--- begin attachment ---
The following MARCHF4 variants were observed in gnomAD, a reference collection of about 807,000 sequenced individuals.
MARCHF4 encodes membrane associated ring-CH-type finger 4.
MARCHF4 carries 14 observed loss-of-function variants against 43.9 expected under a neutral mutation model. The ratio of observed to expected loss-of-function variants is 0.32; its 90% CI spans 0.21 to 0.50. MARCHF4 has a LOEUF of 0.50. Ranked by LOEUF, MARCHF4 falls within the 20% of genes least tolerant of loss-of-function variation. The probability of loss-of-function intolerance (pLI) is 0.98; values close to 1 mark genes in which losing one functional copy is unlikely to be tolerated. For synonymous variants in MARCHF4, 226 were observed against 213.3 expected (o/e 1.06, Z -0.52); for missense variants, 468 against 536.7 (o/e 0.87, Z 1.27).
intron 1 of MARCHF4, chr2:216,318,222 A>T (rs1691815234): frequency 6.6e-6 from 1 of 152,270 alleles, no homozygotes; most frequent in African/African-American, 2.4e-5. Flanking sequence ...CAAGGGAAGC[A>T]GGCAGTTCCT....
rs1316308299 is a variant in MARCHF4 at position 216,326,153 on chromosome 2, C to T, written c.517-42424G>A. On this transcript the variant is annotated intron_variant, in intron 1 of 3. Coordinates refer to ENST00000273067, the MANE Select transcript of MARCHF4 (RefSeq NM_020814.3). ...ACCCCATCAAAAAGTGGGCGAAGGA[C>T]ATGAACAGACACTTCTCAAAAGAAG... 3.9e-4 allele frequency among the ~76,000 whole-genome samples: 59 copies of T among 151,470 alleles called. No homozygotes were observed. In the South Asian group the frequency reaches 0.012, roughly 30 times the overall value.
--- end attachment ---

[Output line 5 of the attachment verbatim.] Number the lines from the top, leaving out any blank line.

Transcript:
rs1316308299 is a variant in MARCHF4 at position 216,326,153 on chromosome 2, C to T, written c.517-42424G>A. On this transcript the variant is annotated intron_variant, in intron 1 of 3. Coordinates refer to ENST00000273067, the MANE Select transcript of MARCHF4 (RefSeq NM_020814.3). ...ACCCCATCAAAAAGTGGGCGAAGGA[C>T]ATGAACAGACACTTCTCAAAAGAAG... 3.9e-4 allele frequency among the ~76,000 whole-genome samples: 59 copies of T among 151,470 alleles called. No homozygotes were observed. In the South Asian group the frequency reaches 0.012, roughly 30 times the overall value.